SCBWI's Blueboard - A Message & Chat Board

diplomat driving

Discussion started on

Chronic
Member
Poster Plus
I was wondering if anyone here could tell me if a western diplomat (not the ambassador) working at a consulate in another western country would drive themselves to and from the office. I know some diplomat's have drivers but wasn't sure how that works. Any info would be much appreciated!  :moose
#1 - July 26, 2011, 11:50 AM
Film school grad. Time traveller. Billy Bragg fan. Canadian/Irish novelist of character-driven fiction from sci-fi to slice of life.

Admins and Mods Emeriti
Poster Plus
  • *
  • SCBWI Member
  • SCBWI PAL
  • SCBWI Region midatlantic
I'm sure there are people out there with way more experience than I have, but if it helps, I know there are some countries where Americans stationed there are expected to hire as many locals as possible.  Someone with a very middle-class income here would be expected to have a cook, nanny, maid, driver, gardener, etc.  (A friend was stationed in Thailand--couldn't tell you about other countries.)

This doesn't really answer your question but I was inspired to say it anyway. :)
#2 - July 26, 2011, 12:12 PM
VAMPIRINA BALLERINA series (Disney-Hyperion)
SUNNY'S TOW TRUCK SAVES THE DAY (Abrams)
GROUNDHUG DAY (Disney-Hyperion, 2017)
among others

Chronic
Member
Poster Plus
Thanks for that, Anne Marie. You never know when the info might come in handy!

In my book the diplomat worked (about twenty years ago) for the High Commission of Canada in New Zealand. Or at first it appears that way anyway (things are not as they seem).
#3 - July 26, 2011, 12:26 PM
Film school grad. Time traveller. Billy Bragg fan. Canadian/Irish novelist of character-driven fiction from sci-fi to slice of life.

Administrator
Poster Plus
  • ****
  • SCBWI Member
  • SCBWI Region dakotas
Sarah_create could tell you better, but in a western country where regular people drive their own cars, someone working for the state department probably does, too. I know for a fact that Germany has reciprocal agreements with different US states (for some reason it is the German national government on one side and individual US states on the other)--you (meaning you, C.K., should you move there) can drive on a US license in Germany for up to six months, depending on where you are licensed. If you go past six months, you have to get a German license--but I believe that up until three years, you can still get a special discount on that German license. Like, $40?? (A regular German license costs around $3000--$1000 for driving school--required--and $2000 for the license itself.)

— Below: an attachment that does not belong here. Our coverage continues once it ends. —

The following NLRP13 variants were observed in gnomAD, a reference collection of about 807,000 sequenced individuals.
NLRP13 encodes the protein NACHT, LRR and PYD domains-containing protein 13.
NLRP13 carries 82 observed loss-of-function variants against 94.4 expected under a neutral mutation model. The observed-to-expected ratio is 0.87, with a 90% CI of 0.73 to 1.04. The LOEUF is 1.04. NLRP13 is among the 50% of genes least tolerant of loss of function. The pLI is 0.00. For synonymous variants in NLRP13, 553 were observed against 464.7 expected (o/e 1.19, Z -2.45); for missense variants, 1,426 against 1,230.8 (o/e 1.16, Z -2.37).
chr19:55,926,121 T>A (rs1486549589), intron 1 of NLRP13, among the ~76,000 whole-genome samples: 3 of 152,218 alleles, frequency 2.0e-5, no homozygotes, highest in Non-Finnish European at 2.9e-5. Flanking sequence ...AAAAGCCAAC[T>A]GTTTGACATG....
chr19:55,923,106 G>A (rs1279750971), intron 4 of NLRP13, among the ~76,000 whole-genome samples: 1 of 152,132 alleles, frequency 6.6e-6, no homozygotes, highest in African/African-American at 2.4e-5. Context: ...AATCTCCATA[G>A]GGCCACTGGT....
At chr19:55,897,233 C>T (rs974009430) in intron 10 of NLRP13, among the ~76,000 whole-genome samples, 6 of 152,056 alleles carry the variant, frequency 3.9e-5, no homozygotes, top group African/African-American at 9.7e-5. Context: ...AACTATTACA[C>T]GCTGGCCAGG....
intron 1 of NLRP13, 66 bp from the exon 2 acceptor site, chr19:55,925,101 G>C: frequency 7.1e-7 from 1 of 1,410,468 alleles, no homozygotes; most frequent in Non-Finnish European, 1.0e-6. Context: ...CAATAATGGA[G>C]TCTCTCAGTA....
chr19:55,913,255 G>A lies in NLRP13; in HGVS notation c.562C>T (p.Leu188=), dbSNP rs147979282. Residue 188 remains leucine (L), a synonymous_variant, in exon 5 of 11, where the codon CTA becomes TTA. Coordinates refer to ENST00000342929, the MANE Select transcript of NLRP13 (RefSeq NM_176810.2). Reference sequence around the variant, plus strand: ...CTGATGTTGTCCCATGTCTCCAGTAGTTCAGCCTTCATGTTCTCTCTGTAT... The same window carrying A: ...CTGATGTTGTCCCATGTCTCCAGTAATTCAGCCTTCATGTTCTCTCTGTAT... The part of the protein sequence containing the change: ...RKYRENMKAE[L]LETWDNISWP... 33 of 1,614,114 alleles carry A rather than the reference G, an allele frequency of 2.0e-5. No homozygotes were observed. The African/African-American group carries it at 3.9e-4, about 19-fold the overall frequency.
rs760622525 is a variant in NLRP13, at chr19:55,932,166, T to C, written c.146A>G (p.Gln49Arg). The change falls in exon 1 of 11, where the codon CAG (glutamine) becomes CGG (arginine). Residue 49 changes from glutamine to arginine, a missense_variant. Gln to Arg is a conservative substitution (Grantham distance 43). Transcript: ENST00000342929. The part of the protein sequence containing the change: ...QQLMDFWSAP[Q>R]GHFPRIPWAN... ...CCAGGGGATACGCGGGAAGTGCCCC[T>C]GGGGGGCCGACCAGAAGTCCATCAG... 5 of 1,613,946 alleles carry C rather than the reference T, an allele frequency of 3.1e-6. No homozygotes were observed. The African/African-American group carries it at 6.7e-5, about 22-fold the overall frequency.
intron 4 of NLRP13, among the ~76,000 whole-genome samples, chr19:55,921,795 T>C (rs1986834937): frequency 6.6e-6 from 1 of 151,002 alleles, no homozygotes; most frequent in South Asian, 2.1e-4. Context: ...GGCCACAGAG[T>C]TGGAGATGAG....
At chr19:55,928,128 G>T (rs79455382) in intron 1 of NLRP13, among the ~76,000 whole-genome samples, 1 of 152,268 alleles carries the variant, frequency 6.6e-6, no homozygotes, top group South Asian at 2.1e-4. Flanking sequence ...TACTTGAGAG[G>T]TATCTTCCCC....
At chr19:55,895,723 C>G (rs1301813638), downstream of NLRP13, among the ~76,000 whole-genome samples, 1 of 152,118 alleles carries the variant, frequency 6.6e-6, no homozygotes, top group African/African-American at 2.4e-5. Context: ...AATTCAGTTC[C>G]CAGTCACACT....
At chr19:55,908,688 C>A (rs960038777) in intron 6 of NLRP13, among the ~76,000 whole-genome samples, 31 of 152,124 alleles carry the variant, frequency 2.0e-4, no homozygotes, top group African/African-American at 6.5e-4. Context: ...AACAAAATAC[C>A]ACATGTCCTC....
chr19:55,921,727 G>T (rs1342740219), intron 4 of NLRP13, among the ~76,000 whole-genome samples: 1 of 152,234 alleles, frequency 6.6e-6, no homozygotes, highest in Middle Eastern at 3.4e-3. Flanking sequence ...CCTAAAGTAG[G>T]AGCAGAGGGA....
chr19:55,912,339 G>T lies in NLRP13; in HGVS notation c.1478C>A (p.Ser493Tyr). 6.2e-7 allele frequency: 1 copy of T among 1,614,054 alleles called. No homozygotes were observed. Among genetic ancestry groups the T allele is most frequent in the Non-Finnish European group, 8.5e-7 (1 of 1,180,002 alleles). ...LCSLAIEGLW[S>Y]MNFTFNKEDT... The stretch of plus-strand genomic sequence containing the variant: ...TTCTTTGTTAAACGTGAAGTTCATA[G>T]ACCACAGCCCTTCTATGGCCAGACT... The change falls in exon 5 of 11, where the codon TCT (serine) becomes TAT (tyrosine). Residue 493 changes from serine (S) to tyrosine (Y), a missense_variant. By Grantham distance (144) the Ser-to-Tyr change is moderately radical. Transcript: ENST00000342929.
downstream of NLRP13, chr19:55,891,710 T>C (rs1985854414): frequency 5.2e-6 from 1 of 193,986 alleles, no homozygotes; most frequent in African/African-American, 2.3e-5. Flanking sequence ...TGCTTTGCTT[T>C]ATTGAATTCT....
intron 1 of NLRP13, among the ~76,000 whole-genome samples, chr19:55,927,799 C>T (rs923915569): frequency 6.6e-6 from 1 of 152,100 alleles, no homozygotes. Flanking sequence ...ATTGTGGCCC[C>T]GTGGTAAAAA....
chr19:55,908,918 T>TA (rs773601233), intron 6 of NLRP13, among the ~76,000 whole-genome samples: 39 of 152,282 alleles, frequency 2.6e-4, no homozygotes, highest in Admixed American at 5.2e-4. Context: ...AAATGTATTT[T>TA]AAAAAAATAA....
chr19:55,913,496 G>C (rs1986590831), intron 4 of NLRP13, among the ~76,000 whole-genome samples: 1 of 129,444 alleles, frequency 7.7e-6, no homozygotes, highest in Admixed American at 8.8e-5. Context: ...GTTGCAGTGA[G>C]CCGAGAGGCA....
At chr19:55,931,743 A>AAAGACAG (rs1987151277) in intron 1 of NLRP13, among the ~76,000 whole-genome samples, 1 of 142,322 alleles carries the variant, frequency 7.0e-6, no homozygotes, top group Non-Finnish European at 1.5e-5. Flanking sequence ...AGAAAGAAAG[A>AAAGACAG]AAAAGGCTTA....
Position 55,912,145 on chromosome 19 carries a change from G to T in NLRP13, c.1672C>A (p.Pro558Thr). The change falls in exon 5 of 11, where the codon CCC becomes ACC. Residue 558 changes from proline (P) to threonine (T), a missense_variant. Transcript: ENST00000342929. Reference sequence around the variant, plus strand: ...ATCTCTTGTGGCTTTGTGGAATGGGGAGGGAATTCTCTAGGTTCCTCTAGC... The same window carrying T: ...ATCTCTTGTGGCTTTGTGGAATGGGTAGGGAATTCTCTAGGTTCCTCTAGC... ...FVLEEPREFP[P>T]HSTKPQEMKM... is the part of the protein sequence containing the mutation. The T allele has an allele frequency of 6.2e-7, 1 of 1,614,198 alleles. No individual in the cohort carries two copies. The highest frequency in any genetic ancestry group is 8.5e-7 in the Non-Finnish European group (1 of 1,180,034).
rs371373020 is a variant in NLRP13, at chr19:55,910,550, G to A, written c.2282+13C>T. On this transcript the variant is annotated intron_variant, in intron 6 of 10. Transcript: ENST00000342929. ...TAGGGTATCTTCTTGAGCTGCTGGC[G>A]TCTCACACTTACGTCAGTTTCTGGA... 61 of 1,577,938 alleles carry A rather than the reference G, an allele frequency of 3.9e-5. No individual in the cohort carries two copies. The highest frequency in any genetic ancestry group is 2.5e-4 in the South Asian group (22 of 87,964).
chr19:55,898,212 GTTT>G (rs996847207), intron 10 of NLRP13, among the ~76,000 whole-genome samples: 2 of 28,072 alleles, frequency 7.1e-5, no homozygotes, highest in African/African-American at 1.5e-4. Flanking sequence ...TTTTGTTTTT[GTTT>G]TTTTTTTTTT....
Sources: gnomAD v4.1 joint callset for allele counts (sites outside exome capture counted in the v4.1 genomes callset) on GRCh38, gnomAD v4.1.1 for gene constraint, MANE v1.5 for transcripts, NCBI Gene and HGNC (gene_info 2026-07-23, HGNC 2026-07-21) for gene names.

Then again, if you live close to the embassy and regular people use public transit and their feet to get places in town (due to a lack of parking spaces and excellence of public transit), you may just walk.

The idea of having a cook and a nanny and a maid and a chauffeur in Germany seems absurd to me. I know other countries (like China) are different, and that IS the norm.
#4 - July 26, 2011, 12:29 PM

Member
Poster Plus
  • *
  • SCBWI Member
In our community the diplomats drive themselves because they have immunity. The rest of us have drivers because we can be liable for an accident, whether it is our fault or not.
#5 - July 26, 2011, 07:42 PM

Chronic
Member
Poster Plus
Thanks, Olmue & Marcia!
#6 - July 27, 2011, 08:10 AM
Film school grad. Time traveller. Billy Bragg fan. Canadian/Irish novelist of character-driven fiction from sci-fi to slice of life.

It sounds like you got some good answers. I just wanted to offer that I have a friend who's wife is a diplomat in Afghanistan and has also been in Kazhakstan (sp?) and Greece. If you need me to ask any questions, let me know. :)
#7 - July 27, 2011, 03:07 PM
Robin

Creator of Mootastic Art and Children's Books
Member
Poster Plus
  • *
  • SCBWI Member
  • SCBWI PAL
  • SCBWI Region nymetro
Don't know if this helps, but there's a great scene in the West Wing where the president screams at a diplomat on the phone about parking tickets. Given that scene, I'm guessing DC is a lot like NYC, where diplomats rack up tons and tons of tickets for driving/parking/etc. and don't have to pay them because of diplomatic immunity. It was really bad and a big news story for years, but haven't heard much about it lately. So it seems like diplomats can drive here, even if not from a Western country. Some diplomats do have drivers and secret service when they are in town, but that doesn't seem to be the norm.
#8 - July 27, 2011, 04:57 PM
Site - http://sruble.com
Twitter - http://twitter.com/StephanieRuble

picture book: EWE AND AYE (now available as an ebook!)

ADE

Guest
My parents have a friend who was the assistant of an ambassador.  He drove himself to work like everyone else.  He and his family lived in a nice house, in a nice area but it wasn't a mansion.  Their lives were not any different from the lives of a normal upper middle class family.  I went to school with his daughter and no one treated her differently.  Now that he is an ambassador they're living in an official residence and he is driven.  I hope that helps.